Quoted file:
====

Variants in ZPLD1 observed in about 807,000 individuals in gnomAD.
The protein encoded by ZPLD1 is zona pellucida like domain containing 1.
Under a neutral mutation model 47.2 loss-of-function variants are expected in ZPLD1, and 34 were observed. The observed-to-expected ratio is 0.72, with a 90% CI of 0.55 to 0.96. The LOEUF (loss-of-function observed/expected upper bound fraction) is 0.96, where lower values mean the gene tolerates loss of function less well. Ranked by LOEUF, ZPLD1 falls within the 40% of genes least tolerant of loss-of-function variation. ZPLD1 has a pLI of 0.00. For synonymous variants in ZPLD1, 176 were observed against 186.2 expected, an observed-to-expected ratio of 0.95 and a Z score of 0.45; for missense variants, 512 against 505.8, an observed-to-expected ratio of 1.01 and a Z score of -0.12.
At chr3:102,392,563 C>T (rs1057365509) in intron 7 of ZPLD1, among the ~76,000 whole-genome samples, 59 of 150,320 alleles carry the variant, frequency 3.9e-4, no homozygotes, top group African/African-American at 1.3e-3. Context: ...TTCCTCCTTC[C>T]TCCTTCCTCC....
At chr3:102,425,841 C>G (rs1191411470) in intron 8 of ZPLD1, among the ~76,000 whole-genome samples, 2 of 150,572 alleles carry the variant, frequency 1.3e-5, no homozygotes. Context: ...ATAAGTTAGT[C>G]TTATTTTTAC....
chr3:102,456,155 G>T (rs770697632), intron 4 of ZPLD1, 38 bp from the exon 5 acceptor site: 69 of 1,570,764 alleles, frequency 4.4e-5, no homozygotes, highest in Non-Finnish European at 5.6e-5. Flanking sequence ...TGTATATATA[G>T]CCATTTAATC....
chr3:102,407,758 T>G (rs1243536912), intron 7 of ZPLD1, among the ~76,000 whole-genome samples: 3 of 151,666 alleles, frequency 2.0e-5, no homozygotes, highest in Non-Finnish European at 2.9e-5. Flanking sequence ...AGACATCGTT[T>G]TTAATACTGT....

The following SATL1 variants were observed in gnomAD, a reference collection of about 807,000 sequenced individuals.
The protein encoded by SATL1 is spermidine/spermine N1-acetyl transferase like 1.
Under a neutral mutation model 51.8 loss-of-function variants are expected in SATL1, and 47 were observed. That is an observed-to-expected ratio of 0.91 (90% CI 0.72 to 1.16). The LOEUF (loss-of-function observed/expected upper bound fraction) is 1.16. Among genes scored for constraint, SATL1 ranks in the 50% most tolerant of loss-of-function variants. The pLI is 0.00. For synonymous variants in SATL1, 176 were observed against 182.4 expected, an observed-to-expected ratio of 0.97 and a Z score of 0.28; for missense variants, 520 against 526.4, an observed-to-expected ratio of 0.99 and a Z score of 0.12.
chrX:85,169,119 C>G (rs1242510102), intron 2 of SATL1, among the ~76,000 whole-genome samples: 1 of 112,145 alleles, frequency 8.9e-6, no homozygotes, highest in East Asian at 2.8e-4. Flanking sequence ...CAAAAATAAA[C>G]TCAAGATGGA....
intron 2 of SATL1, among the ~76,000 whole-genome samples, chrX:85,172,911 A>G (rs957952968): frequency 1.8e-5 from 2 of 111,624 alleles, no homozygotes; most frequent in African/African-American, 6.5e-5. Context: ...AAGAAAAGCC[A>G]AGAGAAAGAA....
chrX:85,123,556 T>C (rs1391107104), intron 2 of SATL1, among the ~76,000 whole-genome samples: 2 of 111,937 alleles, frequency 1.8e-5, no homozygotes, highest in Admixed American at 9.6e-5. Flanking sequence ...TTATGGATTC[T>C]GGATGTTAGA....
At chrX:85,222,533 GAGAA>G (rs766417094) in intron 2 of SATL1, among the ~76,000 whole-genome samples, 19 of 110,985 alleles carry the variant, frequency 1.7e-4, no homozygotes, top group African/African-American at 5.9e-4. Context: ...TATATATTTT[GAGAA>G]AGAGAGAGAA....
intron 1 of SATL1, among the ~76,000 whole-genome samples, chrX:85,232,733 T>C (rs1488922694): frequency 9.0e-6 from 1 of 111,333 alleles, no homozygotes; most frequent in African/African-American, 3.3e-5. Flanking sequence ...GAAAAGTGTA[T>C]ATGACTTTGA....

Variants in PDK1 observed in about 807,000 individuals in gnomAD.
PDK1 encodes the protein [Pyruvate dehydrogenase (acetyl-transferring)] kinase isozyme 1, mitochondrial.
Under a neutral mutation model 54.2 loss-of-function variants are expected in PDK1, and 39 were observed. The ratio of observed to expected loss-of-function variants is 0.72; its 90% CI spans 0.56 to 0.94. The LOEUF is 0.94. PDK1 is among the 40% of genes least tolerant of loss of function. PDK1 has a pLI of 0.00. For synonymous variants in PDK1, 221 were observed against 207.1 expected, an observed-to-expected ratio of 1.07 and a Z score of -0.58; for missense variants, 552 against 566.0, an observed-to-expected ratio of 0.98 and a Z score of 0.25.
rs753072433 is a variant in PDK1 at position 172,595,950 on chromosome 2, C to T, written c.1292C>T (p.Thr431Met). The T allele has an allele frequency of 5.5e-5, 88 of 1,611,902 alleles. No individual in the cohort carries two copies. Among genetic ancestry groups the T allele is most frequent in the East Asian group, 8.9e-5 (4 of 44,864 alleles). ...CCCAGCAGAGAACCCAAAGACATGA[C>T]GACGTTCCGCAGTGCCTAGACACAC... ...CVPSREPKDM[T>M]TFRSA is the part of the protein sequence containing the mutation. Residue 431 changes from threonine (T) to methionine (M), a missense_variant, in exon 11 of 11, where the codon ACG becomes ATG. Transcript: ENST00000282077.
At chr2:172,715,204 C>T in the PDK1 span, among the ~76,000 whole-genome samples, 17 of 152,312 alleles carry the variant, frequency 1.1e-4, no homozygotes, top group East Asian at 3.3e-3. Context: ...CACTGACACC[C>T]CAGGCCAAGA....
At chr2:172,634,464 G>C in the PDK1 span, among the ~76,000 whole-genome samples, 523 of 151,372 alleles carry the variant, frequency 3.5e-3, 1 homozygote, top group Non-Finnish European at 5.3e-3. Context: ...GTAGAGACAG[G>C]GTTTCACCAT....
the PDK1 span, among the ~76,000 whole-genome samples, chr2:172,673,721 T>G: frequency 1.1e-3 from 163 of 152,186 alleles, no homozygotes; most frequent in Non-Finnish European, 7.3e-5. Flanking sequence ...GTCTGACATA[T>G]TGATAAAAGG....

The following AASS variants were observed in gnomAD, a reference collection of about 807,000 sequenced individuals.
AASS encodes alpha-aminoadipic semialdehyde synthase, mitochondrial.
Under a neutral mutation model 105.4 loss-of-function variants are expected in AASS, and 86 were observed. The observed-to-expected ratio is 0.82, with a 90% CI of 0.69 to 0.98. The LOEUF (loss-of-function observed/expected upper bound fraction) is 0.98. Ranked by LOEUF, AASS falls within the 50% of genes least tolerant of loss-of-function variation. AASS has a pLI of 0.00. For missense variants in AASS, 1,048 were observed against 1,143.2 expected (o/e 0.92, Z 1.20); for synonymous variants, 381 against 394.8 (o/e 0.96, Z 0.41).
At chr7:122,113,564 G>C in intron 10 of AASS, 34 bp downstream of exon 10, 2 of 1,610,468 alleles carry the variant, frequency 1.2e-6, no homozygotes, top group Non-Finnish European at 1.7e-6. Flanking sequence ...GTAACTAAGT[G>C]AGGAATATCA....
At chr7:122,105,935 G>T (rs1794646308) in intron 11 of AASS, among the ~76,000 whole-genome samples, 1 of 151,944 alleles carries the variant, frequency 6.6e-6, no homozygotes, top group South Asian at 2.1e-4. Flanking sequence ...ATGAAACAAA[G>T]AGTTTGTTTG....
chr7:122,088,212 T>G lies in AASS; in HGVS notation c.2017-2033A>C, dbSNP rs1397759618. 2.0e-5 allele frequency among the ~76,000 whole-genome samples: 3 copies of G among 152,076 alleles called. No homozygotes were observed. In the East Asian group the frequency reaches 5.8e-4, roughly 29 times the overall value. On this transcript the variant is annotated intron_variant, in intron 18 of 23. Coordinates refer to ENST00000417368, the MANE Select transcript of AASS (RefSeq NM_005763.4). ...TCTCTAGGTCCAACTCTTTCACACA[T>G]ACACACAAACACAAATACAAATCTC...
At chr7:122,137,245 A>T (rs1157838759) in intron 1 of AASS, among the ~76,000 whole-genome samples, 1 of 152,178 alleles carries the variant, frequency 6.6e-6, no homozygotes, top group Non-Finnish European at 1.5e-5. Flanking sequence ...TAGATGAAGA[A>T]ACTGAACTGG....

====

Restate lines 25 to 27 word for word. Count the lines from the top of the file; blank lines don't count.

Under a neutral mutation model 105.4 loss-of-function variants are expected in AASS, and 86 were observed. The observed-to-expected ratio is 0.82, with a 90% CI of 0.69 to 0.98. The LOEUF (loss-of-function observed/expected upper bound fraction) is 0.98. Ranked by LOEUF, AASS falls within the 50% of genes least tolerant of loss-of-function variation. AASS has a pLI of 0.00. For missense variants in AASS, 1,048 were observed against 1,143.2 expected (o/e 0.92, Z 1.20); for synonymous variants, 381 against 394.8 (o/e 0.96, Z 0.41).
At chr7:122,113,564 G>C in intron 10 of AASS, 34 bp downstream of exon 10, 2 of 1,610,468 alleles carry the variant, frequency 1.2e-6, no homozygotes, top group Non-Finnish European at 1.7e-6. Flanking sequence ...GTAACTAAGT[G>C]AGGAATATCA....
At chr7:122,105,935 G>T (rs1794646308) in intron 11 of AASS, among the ~76,000 whole-genome samples, 1 of 151,944 alleles carries the variant, frequency 6.6e-6, no homozygotes, top group South Asian at 2.1e-4. Flanking sequence ...ATGAAACAAA[G>T]AGTTTGTTTG....